Whereas under the previous NIS Directive Member States were responsible for determining which entities met the criteria to qualify as essential service providers, the new NIS Directive introduces a size limitation rule. This means that the Directive will apply to all medium and large companies operating in the sectors or providing the services covered by the Directive.

What this level of security means. If we look at what is happening in Latvia at the moment, for example, we have a very popular Cabinet Decision No 442, which requires specific security measures to be taken, mainly in the public sector, but also for digital and some utility providers. But when the scope is broader, the concept, at least in Latvia, will be quite similar to NIS2 - a very specific list of security requirements," says Vladimirova-Kryukova. For more on Cobalt's senior associate's experience and vision, as well as the relationship between NIS2 and the Digital Operating Resilience Act (DORA) here.


The NIS2 has established a broader set of powers to be granted to competent authorities. In addition, the governance bodies will play a significant and active role in the monitoring and implementation of these measures. What is the risk if the cybersecurity measures implemented by a company do not meet the requirements?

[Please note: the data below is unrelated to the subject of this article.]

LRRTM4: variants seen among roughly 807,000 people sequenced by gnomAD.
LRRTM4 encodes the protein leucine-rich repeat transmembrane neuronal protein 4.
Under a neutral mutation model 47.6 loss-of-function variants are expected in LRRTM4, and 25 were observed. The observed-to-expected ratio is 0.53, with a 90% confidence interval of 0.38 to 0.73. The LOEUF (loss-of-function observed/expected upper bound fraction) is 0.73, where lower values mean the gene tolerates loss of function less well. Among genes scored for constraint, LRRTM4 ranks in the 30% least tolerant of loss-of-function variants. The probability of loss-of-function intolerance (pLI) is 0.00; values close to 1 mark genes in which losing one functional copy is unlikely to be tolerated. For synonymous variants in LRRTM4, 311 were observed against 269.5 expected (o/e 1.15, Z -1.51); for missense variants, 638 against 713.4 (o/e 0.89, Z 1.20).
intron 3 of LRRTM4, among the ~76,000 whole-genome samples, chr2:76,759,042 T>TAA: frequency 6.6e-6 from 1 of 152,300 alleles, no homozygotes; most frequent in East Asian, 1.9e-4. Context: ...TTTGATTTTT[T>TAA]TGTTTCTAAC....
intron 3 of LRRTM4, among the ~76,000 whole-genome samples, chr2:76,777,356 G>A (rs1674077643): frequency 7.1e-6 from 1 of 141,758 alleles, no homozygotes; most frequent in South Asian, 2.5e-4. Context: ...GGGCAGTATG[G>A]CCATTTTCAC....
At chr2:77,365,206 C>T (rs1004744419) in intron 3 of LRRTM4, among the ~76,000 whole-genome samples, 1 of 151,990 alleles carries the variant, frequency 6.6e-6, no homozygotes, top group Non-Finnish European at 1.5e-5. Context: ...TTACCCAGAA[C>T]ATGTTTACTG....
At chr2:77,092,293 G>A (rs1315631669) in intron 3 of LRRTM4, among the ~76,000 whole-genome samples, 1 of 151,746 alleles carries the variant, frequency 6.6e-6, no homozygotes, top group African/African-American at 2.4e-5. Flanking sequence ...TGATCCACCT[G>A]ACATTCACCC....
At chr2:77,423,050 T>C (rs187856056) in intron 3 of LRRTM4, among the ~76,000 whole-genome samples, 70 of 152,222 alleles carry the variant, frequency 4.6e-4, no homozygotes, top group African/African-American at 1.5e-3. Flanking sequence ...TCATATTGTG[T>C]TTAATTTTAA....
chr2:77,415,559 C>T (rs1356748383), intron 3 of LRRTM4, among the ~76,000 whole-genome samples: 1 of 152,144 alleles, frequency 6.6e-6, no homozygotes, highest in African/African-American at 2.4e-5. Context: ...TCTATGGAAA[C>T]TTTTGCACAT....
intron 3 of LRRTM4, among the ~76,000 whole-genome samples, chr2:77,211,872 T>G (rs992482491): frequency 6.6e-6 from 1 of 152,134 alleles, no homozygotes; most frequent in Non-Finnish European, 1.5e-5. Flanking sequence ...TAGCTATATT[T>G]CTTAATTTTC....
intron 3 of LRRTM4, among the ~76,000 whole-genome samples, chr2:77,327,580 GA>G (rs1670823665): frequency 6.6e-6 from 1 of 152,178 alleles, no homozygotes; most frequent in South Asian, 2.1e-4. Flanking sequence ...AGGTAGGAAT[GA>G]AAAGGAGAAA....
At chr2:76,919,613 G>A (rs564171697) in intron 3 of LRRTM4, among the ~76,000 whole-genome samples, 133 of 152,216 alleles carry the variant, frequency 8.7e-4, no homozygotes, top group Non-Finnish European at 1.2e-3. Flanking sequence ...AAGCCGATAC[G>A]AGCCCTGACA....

Fines of up to EUR 10 million or 2% of total annual turnover 

Direct management responsibility (CISOs, heads of IT and C-level executives) 

Temporary bans on managers working in managerial positions 

Appointment of the Supervisory Officer 

Oskars Pirags, ALTAS IT Business Development Director: "Each Member State will have 21 months to incorporate the provisions of the Directive into their legislation as well as to implement it. Basically, it is envisaged that critical sector infrastructure must be protected accordingly, not just on a voluntary basis, but on a mandatory basis. For example, an acceptable level of access control is if there is an installation where the keys are in the reader. In order to communicate with the cards, the reader must store the keys in an EAL5+ container, which is automatically deleted in the event of the card reader's security switch being tripped. The EAL5+ level is mandatory for all parts, starting from the storage of credentials, the communication of credentials with the reader, and the communication of readers with controllers."

To make it easier to prepare, there is a need to create a voluntary, mutually agreed mechanism that will foster mutual trust and learning from best practices and experiences, thus contributing to achieving a high common level of cyber security. By sharing our experiences, receiving feedback from the responsible authorities and providing training workshops for our staff, the implementation and handling of the Directive will become easier.

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Source: https://www.nis-2-directive.com/